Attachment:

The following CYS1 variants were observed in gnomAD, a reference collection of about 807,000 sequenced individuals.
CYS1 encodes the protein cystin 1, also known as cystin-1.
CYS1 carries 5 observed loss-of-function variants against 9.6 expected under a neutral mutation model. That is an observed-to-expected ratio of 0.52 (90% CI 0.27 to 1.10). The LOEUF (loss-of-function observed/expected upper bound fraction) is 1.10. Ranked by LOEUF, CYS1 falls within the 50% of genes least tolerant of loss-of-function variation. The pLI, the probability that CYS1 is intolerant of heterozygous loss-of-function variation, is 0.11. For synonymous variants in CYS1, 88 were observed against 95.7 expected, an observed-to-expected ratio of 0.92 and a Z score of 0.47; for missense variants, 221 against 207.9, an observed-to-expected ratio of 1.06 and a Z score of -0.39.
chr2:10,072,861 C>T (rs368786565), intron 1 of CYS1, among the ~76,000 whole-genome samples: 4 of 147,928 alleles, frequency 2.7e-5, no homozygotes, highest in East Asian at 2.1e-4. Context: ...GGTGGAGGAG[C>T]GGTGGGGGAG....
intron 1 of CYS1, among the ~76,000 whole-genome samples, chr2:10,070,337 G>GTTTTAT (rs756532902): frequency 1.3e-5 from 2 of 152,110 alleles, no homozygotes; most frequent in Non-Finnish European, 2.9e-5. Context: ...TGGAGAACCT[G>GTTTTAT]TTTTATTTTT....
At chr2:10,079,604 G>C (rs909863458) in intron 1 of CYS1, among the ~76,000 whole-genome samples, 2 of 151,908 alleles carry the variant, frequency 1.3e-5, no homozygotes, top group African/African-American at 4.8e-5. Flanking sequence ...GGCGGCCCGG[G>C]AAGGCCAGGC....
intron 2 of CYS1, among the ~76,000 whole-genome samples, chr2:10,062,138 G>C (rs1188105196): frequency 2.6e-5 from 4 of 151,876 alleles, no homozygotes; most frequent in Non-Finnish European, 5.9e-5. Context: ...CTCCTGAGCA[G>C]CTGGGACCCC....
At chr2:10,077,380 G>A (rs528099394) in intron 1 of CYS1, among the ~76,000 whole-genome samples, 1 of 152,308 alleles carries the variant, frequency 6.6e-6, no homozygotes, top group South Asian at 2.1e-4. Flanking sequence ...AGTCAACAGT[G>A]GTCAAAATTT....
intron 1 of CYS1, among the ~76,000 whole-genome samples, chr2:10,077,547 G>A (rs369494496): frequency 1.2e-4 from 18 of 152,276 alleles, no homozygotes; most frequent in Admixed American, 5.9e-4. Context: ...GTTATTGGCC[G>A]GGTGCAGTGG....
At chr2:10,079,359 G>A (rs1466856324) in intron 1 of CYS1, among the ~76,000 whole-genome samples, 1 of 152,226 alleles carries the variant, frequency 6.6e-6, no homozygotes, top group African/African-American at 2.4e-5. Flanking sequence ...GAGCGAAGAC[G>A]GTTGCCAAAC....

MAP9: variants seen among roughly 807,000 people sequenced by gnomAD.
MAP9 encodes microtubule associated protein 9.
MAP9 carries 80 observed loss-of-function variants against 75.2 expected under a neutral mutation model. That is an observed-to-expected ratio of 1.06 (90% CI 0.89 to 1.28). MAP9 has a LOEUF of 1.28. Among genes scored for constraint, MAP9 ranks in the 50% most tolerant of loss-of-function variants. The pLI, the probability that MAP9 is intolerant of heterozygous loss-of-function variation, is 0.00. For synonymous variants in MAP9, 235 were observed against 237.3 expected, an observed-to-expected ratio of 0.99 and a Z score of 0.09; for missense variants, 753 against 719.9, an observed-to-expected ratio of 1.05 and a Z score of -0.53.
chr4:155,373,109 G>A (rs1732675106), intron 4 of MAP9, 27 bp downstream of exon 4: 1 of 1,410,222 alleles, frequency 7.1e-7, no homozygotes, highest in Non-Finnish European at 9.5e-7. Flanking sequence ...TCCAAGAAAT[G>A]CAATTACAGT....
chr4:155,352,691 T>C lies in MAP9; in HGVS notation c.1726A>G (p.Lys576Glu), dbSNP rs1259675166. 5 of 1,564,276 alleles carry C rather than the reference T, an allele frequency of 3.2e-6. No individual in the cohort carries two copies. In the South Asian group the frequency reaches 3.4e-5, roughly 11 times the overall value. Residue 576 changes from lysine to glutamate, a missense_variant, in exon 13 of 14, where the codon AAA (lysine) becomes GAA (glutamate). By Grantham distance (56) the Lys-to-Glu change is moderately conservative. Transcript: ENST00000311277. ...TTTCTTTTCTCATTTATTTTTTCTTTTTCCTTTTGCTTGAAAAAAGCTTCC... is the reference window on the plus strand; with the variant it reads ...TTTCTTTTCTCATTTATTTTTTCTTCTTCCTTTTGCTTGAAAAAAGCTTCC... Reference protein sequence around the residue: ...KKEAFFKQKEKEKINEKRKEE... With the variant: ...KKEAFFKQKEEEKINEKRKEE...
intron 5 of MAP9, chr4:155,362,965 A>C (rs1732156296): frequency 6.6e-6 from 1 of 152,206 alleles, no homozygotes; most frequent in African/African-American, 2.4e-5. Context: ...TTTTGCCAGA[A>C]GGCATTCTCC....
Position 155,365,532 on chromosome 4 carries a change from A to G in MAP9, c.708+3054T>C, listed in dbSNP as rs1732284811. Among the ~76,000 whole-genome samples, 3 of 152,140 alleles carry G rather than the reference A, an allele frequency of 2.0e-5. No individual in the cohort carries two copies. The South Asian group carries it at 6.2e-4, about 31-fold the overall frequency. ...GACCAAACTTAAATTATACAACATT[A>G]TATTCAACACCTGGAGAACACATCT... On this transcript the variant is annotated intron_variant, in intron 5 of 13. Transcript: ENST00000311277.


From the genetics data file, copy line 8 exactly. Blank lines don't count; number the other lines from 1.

At chr2:10,077,380 G>A (rs528099394) in intron 1 of CYS1, among the ~76,000 whole-genome samples, 1 of 152,308 alleles carries the variant, frequency 6.6e-6, no homozygotes, top group South Asian at 2.1e-4. Flanking sequence ...AGTCAACAGT[G>A]GTCAAAATTT....